Activation and deployment
TYPES OF ACTIVATION
Most activations for war or other emergencies are inherently involuntary. Only the president or Congress can order reservists to active duty for an extended period.
The secretary of defense or any service secretary can call up reservists for no more than 15 days, with the exception of the Coast Guard Reserve. Coast Guard Ready Reserve members can be involuntarily activated to support domestic emergencies and may be required to serve up to 30 days in any four-month period or up to 60 days in any two-year period.
FULL MOBILIZATION: 10 U.S.C. 12301(a)
If a war or national emergency is declared by Congress, all reserve component units are eligible for involuntary call-up. They can be kept on active duty for the duration of a declared war or emergency, plus six months.
PARTIAL MOBILIZATION: 10 U.S.C. 12302
If the president declares a national emergency, this type of authority allows a partial mobilization of up to 1 million Selected Reserve and Individual Ready Reserve troops. Under this authority, reservists can be kept on active duty no more than 24 consecutive months.
PRESIDENTIAL RESERVE CALL-UP AUTHORITY: 10 U.S.C. 12304
Under this type of authority, the president can activate up to 200,000 members of the Selected Reserve and up to 30,000 members of the Individual Ready Reserve, who can be kept on active duty for up to 365 days for any mission deemed necessary. Two new authorizations fall under this authority and apply to all DoD components.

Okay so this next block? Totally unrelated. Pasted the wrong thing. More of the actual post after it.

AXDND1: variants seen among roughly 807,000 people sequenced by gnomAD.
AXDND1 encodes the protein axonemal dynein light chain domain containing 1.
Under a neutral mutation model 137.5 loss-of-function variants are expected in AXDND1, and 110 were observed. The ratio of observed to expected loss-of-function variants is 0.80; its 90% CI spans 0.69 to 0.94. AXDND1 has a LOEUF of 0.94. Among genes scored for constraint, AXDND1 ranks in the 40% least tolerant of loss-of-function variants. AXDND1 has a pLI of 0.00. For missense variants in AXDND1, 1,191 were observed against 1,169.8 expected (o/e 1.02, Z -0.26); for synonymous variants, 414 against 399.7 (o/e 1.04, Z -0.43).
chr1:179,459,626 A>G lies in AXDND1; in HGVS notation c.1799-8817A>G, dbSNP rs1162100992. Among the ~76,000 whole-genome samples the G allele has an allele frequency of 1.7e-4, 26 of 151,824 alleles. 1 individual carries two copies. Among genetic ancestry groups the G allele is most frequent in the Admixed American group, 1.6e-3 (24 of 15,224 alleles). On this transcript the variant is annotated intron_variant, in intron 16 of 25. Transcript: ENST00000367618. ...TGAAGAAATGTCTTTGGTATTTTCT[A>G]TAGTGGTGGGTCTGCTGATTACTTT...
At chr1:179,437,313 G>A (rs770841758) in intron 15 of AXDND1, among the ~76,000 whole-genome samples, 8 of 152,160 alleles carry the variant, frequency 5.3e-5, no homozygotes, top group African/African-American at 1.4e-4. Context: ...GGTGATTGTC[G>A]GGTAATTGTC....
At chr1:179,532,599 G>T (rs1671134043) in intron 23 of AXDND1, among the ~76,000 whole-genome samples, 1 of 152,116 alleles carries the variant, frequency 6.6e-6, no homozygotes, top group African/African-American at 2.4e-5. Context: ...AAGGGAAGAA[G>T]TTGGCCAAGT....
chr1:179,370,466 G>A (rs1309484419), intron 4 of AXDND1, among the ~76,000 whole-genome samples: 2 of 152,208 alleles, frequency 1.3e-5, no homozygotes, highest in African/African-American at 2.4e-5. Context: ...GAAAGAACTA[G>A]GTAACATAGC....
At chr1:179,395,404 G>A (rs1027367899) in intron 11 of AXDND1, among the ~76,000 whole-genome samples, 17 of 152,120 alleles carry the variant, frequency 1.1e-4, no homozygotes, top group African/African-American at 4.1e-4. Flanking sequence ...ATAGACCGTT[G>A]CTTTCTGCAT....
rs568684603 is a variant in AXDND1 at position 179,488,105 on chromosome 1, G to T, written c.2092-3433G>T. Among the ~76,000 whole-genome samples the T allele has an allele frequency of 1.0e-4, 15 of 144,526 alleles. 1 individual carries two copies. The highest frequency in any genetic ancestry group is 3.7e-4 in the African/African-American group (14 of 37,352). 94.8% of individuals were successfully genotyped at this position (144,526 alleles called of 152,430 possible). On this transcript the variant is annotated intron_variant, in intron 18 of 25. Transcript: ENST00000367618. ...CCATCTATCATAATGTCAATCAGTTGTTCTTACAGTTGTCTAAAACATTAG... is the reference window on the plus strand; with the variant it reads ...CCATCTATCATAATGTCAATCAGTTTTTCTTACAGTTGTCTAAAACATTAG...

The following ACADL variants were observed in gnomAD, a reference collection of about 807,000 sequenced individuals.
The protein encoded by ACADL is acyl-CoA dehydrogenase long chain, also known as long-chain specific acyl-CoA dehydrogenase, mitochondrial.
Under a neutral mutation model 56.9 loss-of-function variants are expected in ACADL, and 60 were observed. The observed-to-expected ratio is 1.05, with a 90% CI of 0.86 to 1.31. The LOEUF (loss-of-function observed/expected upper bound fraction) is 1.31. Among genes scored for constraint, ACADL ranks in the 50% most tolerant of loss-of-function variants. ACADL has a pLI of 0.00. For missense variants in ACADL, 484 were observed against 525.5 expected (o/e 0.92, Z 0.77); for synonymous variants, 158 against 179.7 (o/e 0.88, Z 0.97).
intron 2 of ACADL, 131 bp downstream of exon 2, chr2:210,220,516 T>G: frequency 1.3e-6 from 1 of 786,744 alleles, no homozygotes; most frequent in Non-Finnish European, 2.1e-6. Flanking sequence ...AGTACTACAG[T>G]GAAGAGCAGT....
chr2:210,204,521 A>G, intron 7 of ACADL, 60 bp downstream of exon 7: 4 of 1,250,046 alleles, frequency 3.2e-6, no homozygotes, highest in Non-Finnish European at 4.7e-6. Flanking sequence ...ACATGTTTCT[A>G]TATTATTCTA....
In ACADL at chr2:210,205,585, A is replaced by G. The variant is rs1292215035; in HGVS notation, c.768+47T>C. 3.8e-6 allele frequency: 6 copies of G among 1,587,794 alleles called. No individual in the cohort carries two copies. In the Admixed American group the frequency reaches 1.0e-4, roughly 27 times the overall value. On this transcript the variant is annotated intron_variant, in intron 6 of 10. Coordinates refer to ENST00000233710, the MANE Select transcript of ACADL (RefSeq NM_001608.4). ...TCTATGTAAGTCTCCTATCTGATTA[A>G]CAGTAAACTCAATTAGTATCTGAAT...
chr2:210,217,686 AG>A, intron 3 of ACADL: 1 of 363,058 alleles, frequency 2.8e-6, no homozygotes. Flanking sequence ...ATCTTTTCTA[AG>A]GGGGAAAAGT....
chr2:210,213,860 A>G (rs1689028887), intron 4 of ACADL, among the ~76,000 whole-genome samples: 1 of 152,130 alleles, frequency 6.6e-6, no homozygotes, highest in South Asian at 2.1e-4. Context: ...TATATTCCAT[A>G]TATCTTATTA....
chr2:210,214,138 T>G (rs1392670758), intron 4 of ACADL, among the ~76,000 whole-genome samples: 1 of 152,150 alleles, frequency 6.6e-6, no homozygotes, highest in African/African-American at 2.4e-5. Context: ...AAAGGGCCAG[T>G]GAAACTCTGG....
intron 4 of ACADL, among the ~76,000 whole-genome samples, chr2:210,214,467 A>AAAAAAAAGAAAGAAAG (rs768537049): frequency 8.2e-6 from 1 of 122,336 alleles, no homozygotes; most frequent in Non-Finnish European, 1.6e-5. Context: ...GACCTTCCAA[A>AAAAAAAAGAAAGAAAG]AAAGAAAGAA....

ARMED FORCES IN DISASTER RESPONSE: 10 U.S.C. 12304(a)
The secretary of defense may involuntarily activate any Ready Reserve units and individuals under federal authority to respond to a domestic emergency or major disaster for up to 120 days. A state governor or territorial chief executive must first make a request for such support.
ASSURED ACCESS AUTHORITY: 10 U.S.C. 12304(b)
The service secretaries may involuntarily activate Selected Reserve units (not individuals) other than during times of war or national emergency for &ldquo:preplanned missions” in support of a combatant command. The maximum call-up is 365 days. No more than 60,000 Selected Reserve troops can be activated under this authority at any one time.
Reservists can volunteer for activation. Volunteers often are needed for positions in active-duty and Reserve units that are deploying.
With the approval of their commanding officer, qualified reservists can apply for vacant slots. Sometimes those in nondeploying units with needed skills will be contacted through their chain of command and offered a call-up position.
A unit usually is put on alert before it is activated. Once it is on alert, activation can come within hours or days, but units often are alerted months before activation or deployment.
All National Guard and Reserve units have an alert notification system. Reservists normally are alerted by their chain of command via a phone call, followed by an Automatic Digital Network message or certified letter. Your unit should have your current home and work addresses and phone numbers.
You are required to notify your employer, school and/or landlord after your orders are in hand. Tell them what you can, including deployment dates. Employers with questions can contact your commanding officer.
Reserve component members called or ordered to active duty for more than 30 days in support of a contingency operation must be given at least 30 days’ advance notice, with a goal of 90 days’ advance notice.
But that requirement can be waived by the secretary of defense “during war or a national emergency declared by the president or Congress, or to meet mission requirements.”